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  1. ITV Report

Cameron accused of allowing Germany to 'veto' EU reform proposals

Iain Duncan Smith is campaigning for a Brexit. Credit: PA

Germany had a "de facto veto" on the Prime Minister's EU reform plans, ex-minister Iain Duncan Smith claims.

The ex-Tory leader said Berlin exercised the "ultimate power" over what changes David Cameron sought from Brussels.

He told The Sun this led to Cameron being forced to drop a cap on foreign workers coming to the EU - a key demand - at the final hour on Germany's behest.

"It's like they were sitting in a room, even when they were not there. There was a spare chair for them - called the German chair. They have had a de facto veto over everything," Duncan Smith told the newspaper.

"I know that right up until the midnight hour, there was a strong line in there about restricting the flow of migrants from the European Union - an emergency brake on overall migration.

"That was dropped, literally the night before. And it was dropped because the Germans said if that is in the speech, we will have to attack it."

Cameron is accused of dropping one of his key demands because of Angela Merkel. Credit: PA

The PM's failed to announce an "emergency brake" on the overall numbers coming to the UK in the November 2014 speech despite media reports he would do so.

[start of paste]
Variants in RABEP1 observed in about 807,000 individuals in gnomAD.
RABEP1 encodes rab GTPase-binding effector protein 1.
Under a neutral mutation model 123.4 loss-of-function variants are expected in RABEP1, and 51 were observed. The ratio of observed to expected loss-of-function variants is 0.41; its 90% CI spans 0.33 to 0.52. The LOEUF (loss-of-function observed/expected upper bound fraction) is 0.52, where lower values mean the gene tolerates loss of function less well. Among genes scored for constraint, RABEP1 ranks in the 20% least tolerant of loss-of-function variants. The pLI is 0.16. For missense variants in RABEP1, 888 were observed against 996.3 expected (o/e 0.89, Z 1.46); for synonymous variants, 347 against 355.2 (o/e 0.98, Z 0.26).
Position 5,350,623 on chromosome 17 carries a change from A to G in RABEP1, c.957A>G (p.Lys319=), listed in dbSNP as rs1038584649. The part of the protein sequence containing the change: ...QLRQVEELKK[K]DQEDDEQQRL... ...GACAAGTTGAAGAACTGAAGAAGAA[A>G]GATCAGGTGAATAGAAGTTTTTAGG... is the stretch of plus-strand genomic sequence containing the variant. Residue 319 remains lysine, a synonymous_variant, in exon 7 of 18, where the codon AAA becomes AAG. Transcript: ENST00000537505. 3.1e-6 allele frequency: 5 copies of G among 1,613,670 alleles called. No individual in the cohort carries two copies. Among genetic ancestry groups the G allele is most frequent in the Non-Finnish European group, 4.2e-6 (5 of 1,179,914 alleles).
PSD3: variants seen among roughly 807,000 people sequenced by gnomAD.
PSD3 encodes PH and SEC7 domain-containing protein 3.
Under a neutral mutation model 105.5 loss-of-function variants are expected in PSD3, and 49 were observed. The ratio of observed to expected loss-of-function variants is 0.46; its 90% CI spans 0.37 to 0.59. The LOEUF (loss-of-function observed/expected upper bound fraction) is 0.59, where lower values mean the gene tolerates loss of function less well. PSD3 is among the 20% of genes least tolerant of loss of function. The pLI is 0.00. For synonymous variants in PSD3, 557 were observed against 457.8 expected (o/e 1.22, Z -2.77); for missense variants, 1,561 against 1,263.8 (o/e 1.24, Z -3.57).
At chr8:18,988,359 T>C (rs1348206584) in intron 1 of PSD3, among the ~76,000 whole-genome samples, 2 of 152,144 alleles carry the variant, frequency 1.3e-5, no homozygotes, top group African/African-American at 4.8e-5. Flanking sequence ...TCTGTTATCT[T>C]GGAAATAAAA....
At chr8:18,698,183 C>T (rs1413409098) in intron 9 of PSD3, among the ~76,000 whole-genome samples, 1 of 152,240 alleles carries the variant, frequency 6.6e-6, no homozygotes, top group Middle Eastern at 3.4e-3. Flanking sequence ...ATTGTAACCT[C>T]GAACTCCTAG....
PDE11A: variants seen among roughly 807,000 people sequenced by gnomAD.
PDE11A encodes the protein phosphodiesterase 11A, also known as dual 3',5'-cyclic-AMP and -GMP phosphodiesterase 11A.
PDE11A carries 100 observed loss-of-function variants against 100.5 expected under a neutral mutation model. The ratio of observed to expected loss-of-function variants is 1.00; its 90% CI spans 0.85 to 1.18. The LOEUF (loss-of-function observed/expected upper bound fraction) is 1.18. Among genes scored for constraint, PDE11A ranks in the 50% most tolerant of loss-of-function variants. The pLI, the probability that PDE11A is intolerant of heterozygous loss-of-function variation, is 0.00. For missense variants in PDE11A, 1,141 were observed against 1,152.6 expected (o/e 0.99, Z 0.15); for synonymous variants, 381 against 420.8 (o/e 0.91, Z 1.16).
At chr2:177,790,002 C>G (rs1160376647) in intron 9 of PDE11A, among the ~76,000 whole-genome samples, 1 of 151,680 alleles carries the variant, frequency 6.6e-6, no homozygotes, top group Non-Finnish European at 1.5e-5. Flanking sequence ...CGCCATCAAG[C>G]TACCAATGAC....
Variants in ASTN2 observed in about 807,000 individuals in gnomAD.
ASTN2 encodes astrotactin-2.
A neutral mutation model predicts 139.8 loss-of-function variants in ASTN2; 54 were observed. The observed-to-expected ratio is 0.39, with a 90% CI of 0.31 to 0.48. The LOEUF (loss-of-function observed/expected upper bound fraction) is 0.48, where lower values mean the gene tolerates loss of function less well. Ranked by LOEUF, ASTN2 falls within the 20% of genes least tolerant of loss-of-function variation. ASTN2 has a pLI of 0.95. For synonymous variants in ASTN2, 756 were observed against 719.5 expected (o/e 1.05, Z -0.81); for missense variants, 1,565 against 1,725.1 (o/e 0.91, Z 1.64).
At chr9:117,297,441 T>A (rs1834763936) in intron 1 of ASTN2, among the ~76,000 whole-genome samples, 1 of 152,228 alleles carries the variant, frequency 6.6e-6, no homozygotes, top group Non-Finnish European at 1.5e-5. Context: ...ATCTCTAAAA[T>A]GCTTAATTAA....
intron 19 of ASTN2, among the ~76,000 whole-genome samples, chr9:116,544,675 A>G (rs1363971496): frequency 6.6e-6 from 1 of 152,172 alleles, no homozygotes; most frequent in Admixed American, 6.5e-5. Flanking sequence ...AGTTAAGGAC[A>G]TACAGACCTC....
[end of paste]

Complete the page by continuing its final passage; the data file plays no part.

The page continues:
Foreign Secretary Philip Hammond denied Cameron "backed off" in the face of pressure from German chancellor Angela Merkel and said simply that the UK had "sought to work with our partners in the European Union".

In the eventual deal, the UK was granted to right to apply for a seven-year "emergency brake" under which new migrants will only receive the right to claim in-work benefits gradually over the course of four years.

But Duncan Smith claims we are "now in a worse position than we were before".

"We put ourselves in a compliant position to another country which doesn't have your best interests necessarily at heart.

"We have gone from wanting to lead in Europe to being on the end of a lead in Europe."

Duncan Smith, who quit as work and pensions secretary in March in protest at disability benefit cuts, will follow Justice Secretary Michael Gove and former London mayor Boris Johnson in making high-profile speeches on the case for a "leave" vote in the referendum on June 23.

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